Will democracy give way to algocracy? Via the Institute for Emerging Ethics & Technologies, John Danaher writes:
In brief, modern technology has made it possible for pretty much all of our movements, particularly those we make “online”, to be monitored, tracked, processed, and leveraged. We can do some of this leveraging ourselves, by tracking our behavior to improve our diets, increase our productivity and so forth. But, of course, governments and corporations can also take advantage of these data-tracking and processing technologies.
Data-mining [could create] a system of algorithmic regulation, one in which our decisions are “nudged” in particular directions by powerful data-processing algorithms. This is worrisome because the rational basis of these algorithms will not be transparent:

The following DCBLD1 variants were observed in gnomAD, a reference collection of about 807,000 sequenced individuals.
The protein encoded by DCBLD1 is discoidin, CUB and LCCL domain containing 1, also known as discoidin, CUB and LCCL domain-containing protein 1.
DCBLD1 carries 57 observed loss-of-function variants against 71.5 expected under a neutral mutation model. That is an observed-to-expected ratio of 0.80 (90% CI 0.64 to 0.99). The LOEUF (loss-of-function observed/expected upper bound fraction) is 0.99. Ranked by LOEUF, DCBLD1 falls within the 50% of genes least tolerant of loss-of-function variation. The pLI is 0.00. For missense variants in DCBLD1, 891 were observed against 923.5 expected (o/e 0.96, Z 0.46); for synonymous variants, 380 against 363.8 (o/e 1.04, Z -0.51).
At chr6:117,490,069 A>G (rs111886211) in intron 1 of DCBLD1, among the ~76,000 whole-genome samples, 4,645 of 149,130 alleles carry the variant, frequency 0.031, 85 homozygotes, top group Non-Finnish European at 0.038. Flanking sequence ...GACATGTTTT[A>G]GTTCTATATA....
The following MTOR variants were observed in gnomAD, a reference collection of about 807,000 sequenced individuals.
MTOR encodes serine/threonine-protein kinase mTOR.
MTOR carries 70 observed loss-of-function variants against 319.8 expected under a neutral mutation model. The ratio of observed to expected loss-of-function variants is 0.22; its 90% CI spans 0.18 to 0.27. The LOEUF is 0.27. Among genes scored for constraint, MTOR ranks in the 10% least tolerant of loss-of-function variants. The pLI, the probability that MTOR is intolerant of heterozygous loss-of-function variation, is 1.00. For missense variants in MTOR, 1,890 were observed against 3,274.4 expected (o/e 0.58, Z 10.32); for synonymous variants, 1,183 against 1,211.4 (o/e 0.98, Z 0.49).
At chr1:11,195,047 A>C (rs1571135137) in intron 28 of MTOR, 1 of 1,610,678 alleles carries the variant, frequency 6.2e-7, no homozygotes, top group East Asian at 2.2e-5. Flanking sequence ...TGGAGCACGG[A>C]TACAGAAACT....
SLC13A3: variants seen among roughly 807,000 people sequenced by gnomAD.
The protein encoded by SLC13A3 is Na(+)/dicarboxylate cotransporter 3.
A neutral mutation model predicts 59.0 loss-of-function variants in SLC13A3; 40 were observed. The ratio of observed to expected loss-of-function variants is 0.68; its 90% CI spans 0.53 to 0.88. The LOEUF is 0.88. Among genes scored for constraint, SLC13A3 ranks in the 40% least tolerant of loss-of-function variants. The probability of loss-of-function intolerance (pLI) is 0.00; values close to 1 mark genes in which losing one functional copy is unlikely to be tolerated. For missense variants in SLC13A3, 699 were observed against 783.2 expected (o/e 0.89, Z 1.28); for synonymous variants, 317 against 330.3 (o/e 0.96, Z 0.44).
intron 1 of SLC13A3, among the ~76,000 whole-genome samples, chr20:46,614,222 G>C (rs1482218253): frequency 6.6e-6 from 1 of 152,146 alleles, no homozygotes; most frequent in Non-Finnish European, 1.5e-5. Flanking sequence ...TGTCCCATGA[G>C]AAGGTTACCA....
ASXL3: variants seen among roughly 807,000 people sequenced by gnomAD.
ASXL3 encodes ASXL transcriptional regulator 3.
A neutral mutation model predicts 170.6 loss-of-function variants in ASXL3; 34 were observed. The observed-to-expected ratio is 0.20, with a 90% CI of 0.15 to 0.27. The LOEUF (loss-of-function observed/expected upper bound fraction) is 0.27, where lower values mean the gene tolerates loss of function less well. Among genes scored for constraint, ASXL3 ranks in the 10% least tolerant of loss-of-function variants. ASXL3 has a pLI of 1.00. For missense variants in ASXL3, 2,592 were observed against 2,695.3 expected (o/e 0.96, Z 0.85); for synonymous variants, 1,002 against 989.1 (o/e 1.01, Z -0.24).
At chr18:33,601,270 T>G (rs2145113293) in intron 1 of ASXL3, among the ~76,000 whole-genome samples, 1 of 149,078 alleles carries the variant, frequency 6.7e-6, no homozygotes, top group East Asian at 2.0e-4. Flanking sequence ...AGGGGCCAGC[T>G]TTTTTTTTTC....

Thanks to smartphones or Google Glass, we can now be pinged whenever we are about to do something stupid, unhealthy or unsound. We wouldn’t necessarily need to know why the action would be wrong: the system’s algorithms do the moral calculus on their own. Citizens take on the role of information machines that feed the techno-bureaucratic complex with our data. And why wouldn’t we, if we are promised slimmer waistlines, cleaner air, or longer (and safer) lives in return?
In other words, the algorithms take over from the messy, human process of democratic decision-making. Citizens become beholden to them, unsure of how they work, but afraid to disregard their guidance. This creates a sort of prison of “invisible barbed wire” which constrains our intellectual and moral development, as well as our lives more generally.
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